HC Deb 22 May 1928 vol 217 cc1671-2

asked the Secretary for Mines whether any experiments are being conducted in this country other than the Bergius process and, if so, how many; and whether any Government money has been spent on such experiments?

Commodore KING

As regards commercial investigations, I would refer the hon. Member to a reply which I gave to the hon. Member for Ilkeston (Mr. Oliver) on 17th May. In reply to the hon. Member for Linlithgow (Mr. Shinwell) on 24th April I gave details of an arrangement between the Government and the Gas Light and Coke Company. Reports of other Government experiments in low-temperature carbonisation will be found in the annual Reports of the Fuel Research Board and the Department of Scientific and Industrial Research.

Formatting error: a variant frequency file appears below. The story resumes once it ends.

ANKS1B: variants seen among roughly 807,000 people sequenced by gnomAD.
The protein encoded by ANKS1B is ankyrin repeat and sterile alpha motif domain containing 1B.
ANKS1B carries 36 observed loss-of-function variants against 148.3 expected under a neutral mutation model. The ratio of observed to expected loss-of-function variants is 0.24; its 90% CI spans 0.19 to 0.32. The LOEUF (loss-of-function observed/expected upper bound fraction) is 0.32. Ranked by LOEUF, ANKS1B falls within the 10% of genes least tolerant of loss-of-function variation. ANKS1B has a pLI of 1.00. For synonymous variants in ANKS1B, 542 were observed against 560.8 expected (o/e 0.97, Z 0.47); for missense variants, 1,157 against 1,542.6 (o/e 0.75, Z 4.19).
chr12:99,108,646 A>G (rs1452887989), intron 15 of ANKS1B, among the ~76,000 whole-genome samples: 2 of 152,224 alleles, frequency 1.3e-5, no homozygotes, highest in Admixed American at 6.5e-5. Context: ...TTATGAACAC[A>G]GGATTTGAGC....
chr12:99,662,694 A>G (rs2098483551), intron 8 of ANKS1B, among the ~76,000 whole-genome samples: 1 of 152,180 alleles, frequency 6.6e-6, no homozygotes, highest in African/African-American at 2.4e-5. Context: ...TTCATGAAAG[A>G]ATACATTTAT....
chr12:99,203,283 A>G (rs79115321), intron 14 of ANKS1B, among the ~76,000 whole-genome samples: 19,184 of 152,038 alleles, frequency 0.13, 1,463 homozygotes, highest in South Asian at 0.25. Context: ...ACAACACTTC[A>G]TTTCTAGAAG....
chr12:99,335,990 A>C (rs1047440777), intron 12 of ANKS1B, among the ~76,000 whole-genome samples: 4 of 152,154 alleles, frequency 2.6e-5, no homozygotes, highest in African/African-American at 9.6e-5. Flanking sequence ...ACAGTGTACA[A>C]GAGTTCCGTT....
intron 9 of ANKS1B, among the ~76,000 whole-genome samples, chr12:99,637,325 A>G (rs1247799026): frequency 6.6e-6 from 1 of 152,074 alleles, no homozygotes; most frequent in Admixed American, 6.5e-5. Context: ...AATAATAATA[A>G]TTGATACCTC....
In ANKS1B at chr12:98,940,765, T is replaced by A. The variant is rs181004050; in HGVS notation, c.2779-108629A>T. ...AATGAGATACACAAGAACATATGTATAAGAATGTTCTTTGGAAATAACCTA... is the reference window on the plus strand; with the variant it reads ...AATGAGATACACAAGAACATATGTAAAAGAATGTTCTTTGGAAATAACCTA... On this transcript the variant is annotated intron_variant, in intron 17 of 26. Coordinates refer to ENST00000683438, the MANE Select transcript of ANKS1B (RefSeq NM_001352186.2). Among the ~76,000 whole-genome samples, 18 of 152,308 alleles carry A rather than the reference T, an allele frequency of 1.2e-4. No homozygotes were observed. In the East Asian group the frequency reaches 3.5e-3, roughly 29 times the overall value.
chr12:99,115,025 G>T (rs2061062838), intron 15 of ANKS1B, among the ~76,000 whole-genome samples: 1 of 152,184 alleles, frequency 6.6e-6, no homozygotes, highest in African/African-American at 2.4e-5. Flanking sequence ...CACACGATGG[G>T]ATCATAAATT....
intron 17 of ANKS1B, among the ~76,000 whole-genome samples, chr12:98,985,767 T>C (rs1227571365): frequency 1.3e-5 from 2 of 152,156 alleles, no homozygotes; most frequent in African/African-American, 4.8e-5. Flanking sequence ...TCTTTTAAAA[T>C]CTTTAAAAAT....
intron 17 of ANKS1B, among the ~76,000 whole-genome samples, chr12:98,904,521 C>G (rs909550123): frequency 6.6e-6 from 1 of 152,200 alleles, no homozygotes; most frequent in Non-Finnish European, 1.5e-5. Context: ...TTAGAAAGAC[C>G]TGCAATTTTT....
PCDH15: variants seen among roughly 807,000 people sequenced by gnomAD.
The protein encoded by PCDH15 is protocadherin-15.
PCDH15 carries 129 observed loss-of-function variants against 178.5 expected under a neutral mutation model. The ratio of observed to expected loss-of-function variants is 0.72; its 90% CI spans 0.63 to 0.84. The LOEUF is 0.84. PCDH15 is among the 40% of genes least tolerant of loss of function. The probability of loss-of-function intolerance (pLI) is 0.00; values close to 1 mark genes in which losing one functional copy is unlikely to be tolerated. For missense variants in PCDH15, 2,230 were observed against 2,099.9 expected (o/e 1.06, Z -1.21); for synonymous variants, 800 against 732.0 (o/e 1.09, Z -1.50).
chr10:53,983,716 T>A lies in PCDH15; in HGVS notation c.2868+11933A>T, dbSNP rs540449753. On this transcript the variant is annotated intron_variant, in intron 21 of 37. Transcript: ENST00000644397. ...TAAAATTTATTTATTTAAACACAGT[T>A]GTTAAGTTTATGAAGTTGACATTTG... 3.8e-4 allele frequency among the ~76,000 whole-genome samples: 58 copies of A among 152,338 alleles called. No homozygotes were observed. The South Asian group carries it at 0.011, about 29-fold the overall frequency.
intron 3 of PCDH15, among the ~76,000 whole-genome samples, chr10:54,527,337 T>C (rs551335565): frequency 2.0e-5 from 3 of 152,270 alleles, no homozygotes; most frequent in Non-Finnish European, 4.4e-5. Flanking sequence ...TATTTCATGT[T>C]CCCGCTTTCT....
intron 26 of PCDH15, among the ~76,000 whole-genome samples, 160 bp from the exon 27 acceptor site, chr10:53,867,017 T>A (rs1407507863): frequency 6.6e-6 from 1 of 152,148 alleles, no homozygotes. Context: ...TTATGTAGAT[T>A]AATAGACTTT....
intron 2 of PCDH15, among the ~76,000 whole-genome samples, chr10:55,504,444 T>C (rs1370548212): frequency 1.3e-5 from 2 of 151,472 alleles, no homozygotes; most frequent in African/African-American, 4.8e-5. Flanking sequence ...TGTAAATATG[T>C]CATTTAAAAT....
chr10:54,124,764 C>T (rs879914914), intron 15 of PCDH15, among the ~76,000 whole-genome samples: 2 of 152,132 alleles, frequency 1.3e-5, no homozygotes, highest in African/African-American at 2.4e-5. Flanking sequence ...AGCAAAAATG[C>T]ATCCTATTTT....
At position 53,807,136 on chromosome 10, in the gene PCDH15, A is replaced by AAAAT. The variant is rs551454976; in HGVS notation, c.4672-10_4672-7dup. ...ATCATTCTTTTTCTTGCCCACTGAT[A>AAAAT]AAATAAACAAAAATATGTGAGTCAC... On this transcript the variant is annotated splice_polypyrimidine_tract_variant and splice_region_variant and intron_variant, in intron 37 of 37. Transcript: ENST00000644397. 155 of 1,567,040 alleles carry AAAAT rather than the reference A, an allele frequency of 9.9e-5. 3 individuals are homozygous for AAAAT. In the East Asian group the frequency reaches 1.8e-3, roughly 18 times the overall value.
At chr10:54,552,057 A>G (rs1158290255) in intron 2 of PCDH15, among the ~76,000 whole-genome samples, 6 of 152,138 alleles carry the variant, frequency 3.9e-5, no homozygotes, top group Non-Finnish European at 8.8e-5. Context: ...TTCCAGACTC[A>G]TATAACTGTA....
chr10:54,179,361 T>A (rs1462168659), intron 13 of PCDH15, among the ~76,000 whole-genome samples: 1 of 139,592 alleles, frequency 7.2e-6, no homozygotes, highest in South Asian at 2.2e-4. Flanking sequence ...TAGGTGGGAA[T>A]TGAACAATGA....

22 and 23. Mr. WHITELEY

asked the Secretary for Mines (1) whether he can give the largest quantity of oil taken from British coal by any British plant since 1918;

(2) whether he can give the average oil content of British coal per ton and the greatest amount of such content that has been extracted per ton of coal?

Commodore KING

Oil, as such, does not exist in coal, but the coal substance can be partially converted into oil by a variety of carbonisation and hydrogenation processes. The average amount of oil that can be produced from British coals by low-temperature carbonisation is usually taken at 15 gallons per ton. This figure is considerably exceeded when coal of special quality is used; for instance, over 50 gallons per ton have been obtained from a cannel coal of which, however, there are only small quantities available. By the addition of hydrogen to the coal, under the Bergius process, the yield from a suitable coal may even amount to 130 gallons per ton.